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Recognizing Anxiety in Others: Situational Awareness

In my last blog I gave pointers on how to deal with several psychological dispositions that could occur after prolonged shelter in place or quarantine and do occur at varying levels in every person’s lifetime. In this one I want to do something a bit different. I want to get back to our situational awareness discussions and take one of the psychological dispositions (from our last blog) and help you characterize it, so you can hopefully recognize it in others. Let’s start with anxiety. . . .

photo of man holding black eyeglasses
Photo by Andrea Piacquadio on Pexels.com

Before we begin, let me say that anxiety can occur in many forms and is a normal part of every person’s life in one or more of these forms. For example, you may have experienced some anxiety before getting up in front of a crowd of people to speak or perform your martial arts for the first time (or second time, . . . ), or you may have felt some anxiety starting a new job, or taking a new class in school. During these short-term anxiety spells, you may have experienced increased heart rate and breathing, concentrating the blood flow to the brain (where it’s needed). This is a physical response that is preparing you for the situation you’re about to face. If it gets too intense, however, you may begin to feel lightheaded and nauseous.

According to the National Institute of Mental Health (NIMH) approximately 40 million Americans have some form of anxiety disorder. These disorders have the ability to powerfully disrupt one’s life, work and relationships. I’m not going to get into all the different types of anxiety disorders out there. Just know that there are several types. What I would like to do is list some characteristics of the disorder to help you better identify them in others. By identifying them in others you will be more readily able to (1) defend yourself against an anxiety-driven attack, (2) help others in need, (3) and quickly identify anxiety in yourself for prompt mitigatory actions (as we discussed in my last blog). Let’s do it this way: I’ll list some characteristics from the different types of anxiety disorders and you jot down if you’ve every experienced any of these (or do).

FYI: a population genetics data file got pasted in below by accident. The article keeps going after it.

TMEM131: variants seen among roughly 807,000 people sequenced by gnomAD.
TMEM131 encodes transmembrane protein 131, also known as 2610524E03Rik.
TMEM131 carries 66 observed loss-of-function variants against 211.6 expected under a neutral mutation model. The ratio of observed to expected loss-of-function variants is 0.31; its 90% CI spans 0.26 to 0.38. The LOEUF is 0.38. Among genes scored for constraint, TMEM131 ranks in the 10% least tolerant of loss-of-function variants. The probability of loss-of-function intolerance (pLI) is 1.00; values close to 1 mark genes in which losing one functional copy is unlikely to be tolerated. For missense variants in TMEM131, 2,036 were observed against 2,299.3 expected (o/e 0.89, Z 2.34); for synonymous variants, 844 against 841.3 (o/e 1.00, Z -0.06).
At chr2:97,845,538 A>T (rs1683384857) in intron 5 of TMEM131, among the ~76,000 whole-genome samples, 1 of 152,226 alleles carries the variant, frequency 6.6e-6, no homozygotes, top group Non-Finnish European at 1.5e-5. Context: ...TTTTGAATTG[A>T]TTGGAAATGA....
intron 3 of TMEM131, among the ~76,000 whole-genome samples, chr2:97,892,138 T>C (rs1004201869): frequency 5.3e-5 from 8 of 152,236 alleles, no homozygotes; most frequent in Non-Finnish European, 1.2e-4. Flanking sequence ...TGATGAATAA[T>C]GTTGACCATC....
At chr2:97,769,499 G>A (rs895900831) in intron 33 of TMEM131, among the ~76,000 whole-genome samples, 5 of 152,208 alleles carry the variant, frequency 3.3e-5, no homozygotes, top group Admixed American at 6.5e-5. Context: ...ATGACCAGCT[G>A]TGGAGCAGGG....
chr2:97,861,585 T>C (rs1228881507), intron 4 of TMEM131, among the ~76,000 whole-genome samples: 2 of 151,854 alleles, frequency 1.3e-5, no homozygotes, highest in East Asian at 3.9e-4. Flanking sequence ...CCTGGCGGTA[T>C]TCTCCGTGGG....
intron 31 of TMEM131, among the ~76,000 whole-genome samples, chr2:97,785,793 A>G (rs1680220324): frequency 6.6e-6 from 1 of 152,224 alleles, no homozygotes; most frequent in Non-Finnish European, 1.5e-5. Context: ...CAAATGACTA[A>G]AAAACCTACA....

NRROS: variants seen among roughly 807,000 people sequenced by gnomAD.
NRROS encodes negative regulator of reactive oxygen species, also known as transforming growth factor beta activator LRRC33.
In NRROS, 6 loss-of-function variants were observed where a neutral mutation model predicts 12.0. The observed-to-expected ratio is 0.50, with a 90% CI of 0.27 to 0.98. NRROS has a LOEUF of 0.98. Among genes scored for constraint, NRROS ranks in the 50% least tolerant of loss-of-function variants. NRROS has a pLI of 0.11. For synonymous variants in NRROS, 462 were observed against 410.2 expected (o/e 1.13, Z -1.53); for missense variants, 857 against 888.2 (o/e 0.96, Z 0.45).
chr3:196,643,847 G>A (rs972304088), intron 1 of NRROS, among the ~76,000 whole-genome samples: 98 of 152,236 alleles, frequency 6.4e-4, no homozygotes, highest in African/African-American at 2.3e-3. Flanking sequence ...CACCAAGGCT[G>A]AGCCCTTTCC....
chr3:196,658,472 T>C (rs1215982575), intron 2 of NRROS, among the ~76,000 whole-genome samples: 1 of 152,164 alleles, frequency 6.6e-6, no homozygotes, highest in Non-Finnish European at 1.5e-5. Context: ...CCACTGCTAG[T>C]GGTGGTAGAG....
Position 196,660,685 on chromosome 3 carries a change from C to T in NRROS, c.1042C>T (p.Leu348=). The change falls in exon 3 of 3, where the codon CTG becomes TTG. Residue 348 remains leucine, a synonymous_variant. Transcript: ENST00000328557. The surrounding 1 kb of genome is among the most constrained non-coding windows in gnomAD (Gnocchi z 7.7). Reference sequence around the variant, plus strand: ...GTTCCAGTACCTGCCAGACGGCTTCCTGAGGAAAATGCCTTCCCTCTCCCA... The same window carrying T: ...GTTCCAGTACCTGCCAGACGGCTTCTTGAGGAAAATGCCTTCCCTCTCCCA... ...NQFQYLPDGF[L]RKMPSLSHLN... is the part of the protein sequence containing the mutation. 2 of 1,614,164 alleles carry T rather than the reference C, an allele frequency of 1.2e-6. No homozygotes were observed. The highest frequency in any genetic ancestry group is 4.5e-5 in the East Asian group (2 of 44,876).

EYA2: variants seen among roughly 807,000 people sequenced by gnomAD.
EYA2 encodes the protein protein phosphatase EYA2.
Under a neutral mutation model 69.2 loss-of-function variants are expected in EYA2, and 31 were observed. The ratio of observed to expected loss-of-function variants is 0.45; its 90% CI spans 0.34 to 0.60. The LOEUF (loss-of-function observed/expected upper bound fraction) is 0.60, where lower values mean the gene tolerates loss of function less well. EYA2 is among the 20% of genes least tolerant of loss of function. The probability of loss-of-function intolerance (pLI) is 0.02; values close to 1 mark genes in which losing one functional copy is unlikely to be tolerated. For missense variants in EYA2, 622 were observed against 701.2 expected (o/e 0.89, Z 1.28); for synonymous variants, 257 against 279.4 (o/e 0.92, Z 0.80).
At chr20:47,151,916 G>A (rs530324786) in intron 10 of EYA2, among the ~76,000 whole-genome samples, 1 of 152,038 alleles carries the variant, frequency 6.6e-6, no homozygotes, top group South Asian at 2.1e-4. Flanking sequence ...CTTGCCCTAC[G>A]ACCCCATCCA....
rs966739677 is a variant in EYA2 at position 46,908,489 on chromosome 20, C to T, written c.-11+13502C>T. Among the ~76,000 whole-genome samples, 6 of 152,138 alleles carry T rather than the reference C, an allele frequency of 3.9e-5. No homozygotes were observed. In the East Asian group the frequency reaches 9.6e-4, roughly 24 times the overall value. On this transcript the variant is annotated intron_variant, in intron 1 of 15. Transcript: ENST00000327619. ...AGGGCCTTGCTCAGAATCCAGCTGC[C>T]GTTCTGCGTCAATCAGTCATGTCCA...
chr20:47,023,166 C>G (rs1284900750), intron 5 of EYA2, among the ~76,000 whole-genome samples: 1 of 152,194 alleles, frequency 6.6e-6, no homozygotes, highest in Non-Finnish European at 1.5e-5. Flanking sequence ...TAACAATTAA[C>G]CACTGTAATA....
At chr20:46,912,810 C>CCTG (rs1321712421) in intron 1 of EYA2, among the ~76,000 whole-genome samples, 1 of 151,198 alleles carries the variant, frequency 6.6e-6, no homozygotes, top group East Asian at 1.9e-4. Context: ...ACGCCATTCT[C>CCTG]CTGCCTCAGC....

• Feeling restless, wound-up, or on-edge
  • Being easily fatigued
  • Having difficulty concentrating; mind going blank
  • Being irritable
  • Having muscle tension
  • Difficulty controlling feelings of worry
  • Having sleep problems, such as difficulty falling or staying asleep, restlessness, or unsatisfying sleep
  • Heart palpitations, a pounding heartbeat, or an accelerated heart-rate
  • Sweating
  • Trembling or shaking
  • Sensations of shortness of breath, smothering, or choking
  • Feelings of impending doom
  • Feelings of being out of control

Whether we’re right or wrong we have perceived these things in ourselves and in others at varying times in our lives. For example, I have trained many martial artists, some of whom had previous experience in other martial arts and self defense systems. Most deal with their own form of tension that interferes with their potential in Wing Chun Kung Fu. Over time, they must learn to engineer out that tension to reach their full potential. How they do that is unique to them; it becomes their Wing Chun.

monochrome photo of man showing sadness
Photo by Kam Pratt on Pexels.com

When we perceive these things in ourselves we can seek the help we need to transcend the condition. Sometimes it is appropriate to seek out a kung fu instructor, other times psychological or physical help may be needed. Whatever the case may be, we should want to optimize ourselves, not just for the self potential we want to realize, for the peace that comes with reduced anxiety.

When we perceive it in others we have less control over the anxiety, itself. While in some cases we can help a person with kind words and listening, other times we have to avoid them in order to protect ourselves. By identifying the characteristics above in others we can take steps to defend ourselves – without violence in most cases – by creating distance or removing ourselves from the relationship.  This is a form of situational awareness and self defense.

Empower yourself to life!™

©2020 Yost Wing Chun Academy. All Rights Reserved.


If you have a question or subject you’d like to see me address on my blog page, or if you have an interest in learning self-defense in or around Tallahassee, Florida, write to me at sifuyost@gmail.com.

 

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